The TP are usually focused on OUR own cause-and-effect with one clear exception; a conflict between two parties, which is depicted on one cloud, so both needs are recognized and verbalized. However, the same cause-and-effect tools can support a careful buildup of small cause-and-effect trees that focus on the possible ramifications of a change from the perspective of other people.  What we lack in intuition can be gained by logical reasoning and a-priori focused search for meaningful information.

Let’s consider a case where a manufacturing company contemplates to stop producing a specific product family. The arguments are relatively low T per unit and, at the same time, high capacity consumption from a loaded critical resource that currently prevents the sales expansion of other products.

Should the company consider how the distributors, the immediate clients, react to such a decision?

Assuming there are good reasons not to ask the opinion of the distributors before taking the step – is there a way to predict how the distributors will behave?

Goldratt complained that too many executives don’t have a clue on the business of their clients and suppliers. This is quite similar to the lack of interest to understand the other perspective of reality.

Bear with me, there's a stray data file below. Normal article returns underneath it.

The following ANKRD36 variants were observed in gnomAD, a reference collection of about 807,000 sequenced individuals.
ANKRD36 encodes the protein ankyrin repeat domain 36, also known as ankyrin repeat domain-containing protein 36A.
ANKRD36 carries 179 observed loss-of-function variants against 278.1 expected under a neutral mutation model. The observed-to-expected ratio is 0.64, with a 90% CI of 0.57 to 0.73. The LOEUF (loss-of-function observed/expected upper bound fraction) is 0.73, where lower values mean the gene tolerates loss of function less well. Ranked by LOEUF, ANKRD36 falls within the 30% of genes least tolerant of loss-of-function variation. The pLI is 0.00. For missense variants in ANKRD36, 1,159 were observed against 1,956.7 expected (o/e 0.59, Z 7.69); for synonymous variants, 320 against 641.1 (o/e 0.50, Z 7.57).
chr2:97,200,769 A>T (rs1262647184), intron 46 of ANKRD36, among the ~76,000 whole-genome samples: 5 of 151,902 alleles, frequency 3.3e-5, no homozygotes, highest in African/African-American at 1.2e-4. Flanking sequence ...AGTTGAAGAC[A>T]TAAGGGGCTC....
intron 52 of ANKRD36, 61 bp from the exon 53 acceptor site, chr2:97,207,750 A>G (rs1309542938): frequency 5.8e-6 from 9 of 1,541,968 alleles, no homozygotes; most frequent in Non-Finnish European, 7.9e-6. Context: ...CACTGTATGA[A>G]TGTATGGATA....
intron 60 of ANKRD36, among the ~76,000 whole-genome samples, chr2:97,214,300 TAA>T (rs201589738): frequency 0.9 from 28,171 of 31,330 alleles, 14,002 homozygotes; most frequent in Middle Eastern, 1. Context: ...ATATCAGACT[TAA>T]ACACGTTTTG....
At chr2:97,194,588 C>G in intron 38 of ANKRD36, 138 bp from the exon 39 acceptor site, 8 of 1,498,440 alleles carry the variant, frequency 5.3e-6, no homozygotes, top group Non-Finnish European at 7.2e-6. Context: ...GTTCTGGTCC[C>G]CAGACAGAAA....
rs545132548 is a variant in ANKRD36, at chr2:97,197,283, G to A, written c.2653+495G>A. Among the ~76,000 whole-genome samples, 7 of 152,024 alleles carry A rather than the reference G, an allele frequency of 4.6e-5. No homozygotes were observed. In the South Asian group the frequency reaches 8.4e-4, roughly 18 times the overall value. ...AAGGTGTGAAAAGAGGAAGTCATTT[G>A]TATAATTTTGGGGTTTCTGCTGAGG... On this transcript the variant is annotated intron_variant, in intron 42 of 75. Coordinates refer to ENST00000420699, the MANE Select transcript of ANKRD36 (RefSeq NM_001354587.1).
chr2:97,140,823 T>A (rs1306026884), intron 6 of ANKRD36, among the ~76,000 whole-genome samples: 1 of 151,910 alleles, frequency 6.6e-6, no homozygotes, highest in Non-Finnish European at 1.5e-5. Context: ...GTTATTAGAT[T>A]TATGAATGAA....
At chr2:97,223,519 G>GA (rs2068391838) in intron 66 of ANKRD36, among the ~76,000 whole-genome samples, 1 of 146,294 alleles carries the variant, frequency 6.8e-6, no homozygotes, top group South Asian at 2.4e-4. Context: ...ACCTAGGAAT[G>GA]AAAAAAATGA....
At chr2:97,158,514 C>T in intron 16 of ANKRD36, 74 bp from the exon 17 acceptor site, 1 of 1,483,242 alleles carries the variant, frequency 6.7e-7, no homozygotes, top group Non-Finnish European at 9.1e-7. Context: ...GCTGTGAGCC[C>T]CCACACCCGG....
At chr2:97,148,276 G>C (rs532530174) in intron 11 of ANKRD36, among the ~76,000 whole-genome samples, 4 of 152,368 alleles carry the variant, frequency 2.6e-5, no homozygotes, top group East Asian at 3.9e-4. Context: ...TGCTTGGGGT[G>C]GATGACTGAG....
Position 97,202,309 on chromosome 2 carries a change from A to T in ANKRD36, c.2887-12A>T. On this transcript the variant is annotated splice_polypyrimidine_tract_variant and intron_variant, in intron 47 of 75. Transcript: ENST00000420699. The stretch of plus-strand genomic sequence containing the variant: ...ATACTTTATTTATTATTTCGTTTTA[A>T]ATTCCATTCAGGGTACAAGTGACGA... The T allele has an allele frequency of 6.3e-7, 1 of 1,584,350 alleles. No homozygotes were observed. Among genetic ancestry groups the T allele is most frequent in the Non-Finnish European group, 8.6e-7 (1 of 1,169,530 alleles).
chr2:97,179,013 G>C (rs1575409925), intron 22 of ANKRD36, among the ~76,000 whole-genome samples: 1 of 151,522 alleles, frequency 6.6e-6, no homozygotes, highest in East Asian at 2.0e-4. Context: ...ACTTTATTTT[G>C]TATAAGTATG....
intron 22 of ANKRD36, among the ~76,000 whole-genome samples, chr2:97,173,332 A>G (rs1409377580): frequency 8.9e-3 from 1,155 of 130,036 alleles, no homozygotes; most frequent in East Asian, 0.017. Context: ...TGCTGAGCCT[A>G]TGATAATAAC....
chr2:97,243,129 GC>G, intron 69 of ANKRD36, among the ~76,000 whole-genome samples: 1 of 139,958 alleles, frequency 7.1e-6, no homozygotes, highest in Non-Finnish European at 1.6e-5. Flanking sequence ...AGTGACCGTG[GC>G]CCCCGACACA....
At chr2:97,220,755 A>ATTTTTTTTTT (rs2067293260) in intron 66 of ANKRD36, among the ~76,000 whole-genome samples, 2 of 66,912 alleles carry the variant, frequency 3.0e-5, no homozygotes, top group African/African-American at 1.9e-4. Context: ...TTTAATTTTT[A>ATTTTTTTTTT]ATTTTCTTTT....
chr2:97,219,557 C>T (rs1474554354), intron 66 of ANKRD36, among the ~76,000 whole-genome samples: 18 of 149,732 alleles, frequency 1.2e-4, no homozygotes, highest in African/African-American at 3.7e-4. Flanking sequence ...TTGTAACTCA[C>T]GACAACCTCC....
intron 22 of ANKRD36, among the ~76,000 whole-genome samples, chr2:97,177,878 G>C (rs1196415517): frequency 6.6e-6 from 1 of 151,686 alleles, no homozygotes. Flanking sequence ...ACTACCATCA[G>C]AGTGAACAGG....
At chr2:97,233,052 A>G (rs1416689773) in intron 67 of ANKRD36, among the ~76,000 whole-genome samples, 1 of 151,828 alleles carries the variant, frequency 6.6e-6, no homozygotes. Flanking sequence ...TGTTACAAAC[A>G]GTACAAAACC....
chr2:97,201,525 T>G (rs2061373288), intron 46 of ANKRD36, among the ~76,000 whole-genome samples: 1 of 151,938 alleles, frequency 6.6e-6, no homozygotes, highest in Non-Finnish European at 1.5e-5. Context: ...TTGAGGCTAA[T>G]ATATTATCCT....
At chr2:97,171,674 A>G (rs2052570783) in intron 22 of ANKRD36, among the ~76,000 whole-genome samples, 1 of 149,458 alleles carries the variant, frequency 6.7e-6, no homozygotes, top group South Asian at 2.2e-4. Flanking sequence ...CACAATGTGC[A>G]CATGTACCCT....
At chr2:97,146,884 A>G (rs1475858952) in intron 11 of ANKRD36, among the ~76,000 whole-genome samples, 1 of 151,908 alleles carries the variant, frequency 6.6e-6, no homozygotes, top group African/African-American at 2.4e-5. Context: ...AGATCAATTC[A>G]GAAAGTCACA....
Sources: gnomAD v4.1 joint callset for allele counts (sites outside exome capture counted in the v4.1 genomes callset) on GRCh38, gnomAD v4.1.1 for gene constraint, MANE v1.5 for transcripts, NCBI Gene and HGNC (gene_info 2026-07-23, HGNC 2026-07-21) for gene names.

What can someone who never worked in distribution know about the perspective of a distributor?

Let’s put some simple facts about distributors:

  • They deal with very large number of SKUs.
  • Most of the clients of a distributor buy many different items.
  • Some of the SKUs offered by the distributor, but definitely not all SKUs, have replacements that are acceptable to most of their clients.
  • Logistics is a big player in running the business.

When you look on the very short, pretty obvious list, you can easily deduce when a supplier pulling out a family of products creates a big problem to the distributors forcing them to react.

From the distributor perspective there is a difference whether he is already carrying replacements of that product family that his clients accept as good enough. When the answer is positive then the distributor should not grossly suffer from the supplier’s act.